Putin’s Illusions about Crimea

In the recent plenary session of the Eastern Economic Forum [on September 3 in Vladivostok], Russian President Vladimir Putin stated that the issue of Crimea’s ownership is historically closed.

Despite the adamant tone, such statements do not show Russia’s confidence but instead reveal the Kremlin’s vulnerability on this issue. The concept Krym nash (Crimea is ours) is an illusion and a propaganda meme which lacks structural meaning. Russia believes that its tactical victory will become its strategic victory, and Crimea will stay part of Russia forever. But they shouldn’t think that. Ukraine’s stance on returning the annexed territory, defending the rights of the Crimean Tatars as an indigenous people of Crimea, and fighting for Ukraine’s sovereignty have strategically better prospects for success than Russia’s stance.

First, Western sanctions against Russia’s actions in Crimea will only expand. As we know, the United States has recently updated the lists of nationals and sectoral sanctions against seventeen Russian individuals and twenty companies operating in Russia and in Ukraine’s occupied territories. Sanctioned companies, in particular, contractors Mostotrest, SGM-Most, FKU Uprdor Taman, Giprostroymost, and shipyard Zvezdochka in Severodvinsk and Sevastopol, are involved in the construction of the Kerch bridge linking Crimea to mainland Russia. The sanctions list also includes Gazprom subsidiaries Gazprom Media Holding, Gazprom Kapital, and Gazprom Invest as well as a number of “government officials” in Ukraine’s annexed and occupied territories. Among them are “deputy chairman” of the Council of Ministers in Crimea Dmitry Polonsky, several Crimean “ministers,” and deputy commander of the separatists in Donetsk and Luhansk Eduard Basurin.

Second, owing to sanctions, Russia’s isolationism, and Crimea’s infrastructural dependency on Ukraine, the reality [recently described by Russian Prime Minister Dmitry Medvedev] as “There is no money left. But stay strong!” is becoming more tangible for Crimea than ever before.

Third, Ukraine is preparing several lawsuits against Russia, including one against the annexation of Crimea before the UN International Court of Justice in The Hague.

Fourth, the deteriorating situation in Crimea that Russia created risks repeating the Soviet history of the deportation of the Crimean Tatars, which is an affront to history. By and large, the Russian government itself does not believe what it formally proclaims. Russia wants to show that Ukrainian national identity is insignificant while Russian national identity is exceptional. But it’s unclear what the Kremlin is trying to build. Is it the emergence of imperialism, recently advocated by a leader of a Russian motorcycle gang known as The Surgeon? This is neither forward looking nor even realistic. It’s more an idea adopted from the Russian propaganda machine.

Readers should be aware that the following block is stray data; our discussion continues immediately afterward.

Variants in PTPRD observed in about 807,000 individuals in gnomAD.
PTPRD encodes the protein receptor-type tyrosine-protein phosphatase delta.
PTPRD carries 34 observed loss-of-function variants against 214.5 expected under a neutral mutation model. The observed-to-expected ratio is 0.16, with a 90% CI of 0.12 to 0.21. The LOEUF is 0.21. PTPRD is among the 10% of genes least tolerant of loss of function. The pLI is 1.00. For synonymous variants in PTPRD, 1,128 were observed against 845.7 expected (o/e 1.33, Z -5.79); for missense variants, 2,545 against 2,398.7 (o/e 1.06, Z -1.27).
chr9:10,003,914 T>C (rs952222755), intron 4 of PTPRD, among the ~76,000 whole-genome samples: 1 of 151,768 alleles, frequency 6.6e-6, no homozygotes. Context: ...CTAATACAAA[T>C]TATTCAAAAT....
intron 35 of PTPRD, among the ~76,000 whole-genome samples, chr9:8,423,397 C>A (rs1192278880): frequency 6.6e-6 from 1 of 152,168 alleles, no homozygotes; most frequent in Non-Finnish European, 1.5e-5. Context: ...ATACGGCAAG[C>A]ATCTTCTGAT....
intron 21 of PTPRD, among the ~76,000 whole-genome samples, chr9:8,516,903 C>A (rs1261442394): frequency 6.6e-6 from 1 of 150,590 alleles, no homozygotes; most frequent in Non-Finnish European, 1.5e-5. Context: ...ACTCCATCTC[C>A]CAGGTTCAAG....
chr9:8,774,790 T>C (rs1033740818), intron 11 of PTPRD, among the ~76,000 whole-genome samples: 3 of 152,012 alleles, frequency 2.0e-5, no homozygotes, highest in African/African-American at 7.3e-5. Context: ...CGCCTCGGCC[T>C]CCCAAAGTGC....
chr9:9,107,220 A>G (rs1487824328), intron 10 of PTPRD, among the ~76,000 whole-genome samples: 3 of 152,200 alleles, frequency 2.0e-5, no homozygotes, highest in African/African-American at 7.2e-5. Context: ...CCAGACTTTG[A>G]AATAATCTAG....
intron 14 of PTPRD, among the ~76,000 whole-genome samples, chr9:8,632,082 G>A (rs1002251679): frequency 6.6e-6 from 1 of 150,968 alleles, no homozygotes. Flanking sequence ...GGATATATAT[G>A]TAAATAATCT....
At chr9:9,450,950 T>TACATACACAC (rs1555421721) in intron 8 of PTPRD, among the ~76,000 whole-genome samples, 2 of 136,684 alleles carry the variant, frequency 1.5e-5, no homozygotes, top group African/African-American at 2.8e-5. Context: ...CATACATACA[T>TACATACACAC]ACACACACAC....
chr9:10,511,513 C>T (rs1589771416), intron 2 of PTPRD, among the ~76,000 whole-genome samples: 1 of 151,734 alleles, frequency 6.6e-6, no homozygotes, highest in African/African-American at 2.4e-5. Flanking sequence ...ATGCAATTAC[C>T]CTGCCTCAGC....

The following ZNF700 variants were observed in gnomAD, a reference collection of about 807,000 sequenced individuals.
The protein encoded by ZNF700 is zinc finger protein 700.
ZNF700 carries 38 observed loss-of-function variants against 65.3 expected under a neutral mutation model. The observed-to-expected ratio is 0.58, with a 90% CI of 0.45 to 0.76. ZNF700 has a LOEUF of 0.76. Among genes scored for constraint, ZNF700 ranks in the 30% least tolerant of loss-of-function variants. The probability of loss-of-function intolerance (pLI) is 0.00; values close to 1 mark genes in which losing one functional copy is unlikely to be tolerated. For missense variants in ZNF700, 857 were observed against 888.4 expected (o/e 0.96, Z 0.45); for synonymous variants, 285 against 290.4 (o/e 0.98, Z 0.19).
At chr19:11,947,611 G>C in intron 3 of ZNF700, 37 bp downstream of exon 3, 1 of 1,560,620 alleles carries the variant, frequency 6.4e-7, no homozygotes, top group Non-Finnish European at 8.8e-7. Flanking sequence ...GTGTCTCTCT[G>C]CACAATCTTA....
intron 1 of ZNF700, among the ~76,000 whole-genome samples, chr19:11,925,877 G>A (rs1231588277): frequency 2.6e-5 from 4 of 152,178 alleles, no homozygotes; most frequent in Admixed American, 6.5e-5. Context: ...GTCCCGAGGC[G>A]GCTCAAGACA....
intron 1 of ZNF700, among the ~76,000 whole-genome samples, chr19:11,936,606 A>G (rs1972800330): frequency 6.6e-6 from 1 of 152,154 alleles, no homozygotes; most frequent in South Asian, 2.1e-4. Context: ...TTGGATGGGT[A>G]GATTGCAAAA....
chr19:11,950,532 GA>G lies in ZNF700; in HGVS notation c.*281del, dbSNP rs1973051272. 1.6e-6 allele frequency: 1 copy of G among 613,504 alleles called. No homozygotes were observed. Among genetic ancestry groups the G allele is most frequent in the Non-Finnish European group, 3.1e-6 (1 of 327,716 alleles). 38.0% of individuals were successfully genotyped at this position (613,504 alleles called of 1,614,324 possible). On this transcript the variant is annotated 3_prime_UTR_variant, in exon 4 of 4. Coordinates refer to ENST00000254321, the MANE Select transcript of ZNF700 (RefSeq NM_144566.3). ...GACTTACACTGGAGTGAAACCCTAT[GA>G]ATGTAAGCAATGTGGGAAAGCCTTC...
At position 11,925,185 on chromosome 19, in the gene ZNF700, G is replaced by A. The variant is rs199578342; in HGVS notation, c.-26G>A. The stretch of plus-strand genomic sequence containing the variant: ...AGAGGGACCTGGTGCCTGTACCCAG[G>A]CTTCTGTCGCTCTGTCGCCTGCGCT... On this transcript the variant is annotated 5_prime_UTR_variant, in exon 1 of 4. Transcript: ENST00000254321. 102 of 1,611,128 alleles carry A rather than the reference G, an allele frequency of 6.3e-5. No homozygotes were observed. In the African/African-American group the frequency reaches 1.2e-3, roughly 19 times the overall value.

Fifth, the Kremlin failed to provide any coherent justification for the annexation of Crimea. All this time, we heard different explanations, such as the threat of fascism, the Russian spring, and the threat of NATO. They all show the Kremlin’s search to justify the annexation. In the documentary, Crimea. Path to the Motherland, Putin himself admitted that this was a special operation. But the Russian government never gave a clear motivation for this move. If there is no clear justification for their actions, then there is no strategy. For when there is a strategy, it’s easy to understand the reasons for particular actions. Impulsiveness cannot be a part of strategy. Since there is no strategy, there is no coordinated future. Putin put the whole country in an idiotic situation. Actually, Russia’s strategy today is “prospective isolationism.” That is, the Kremlin has transitioned from modernization, which was discussed up until 2012, to isolationism.

Olesya Yakhno is a Ukrainian political analyst and editor-in-chief of the news and analytical center Re:plika. She holds a PhD in political culture and ideology. This article was originally published in Russian by Ukrayinska Pravda and was translated by Vera Zimmerman.

Image: Russian President Vladimir Putin waves on a trip to Crimea on September 12, 2015. Credit: Kremlin.ru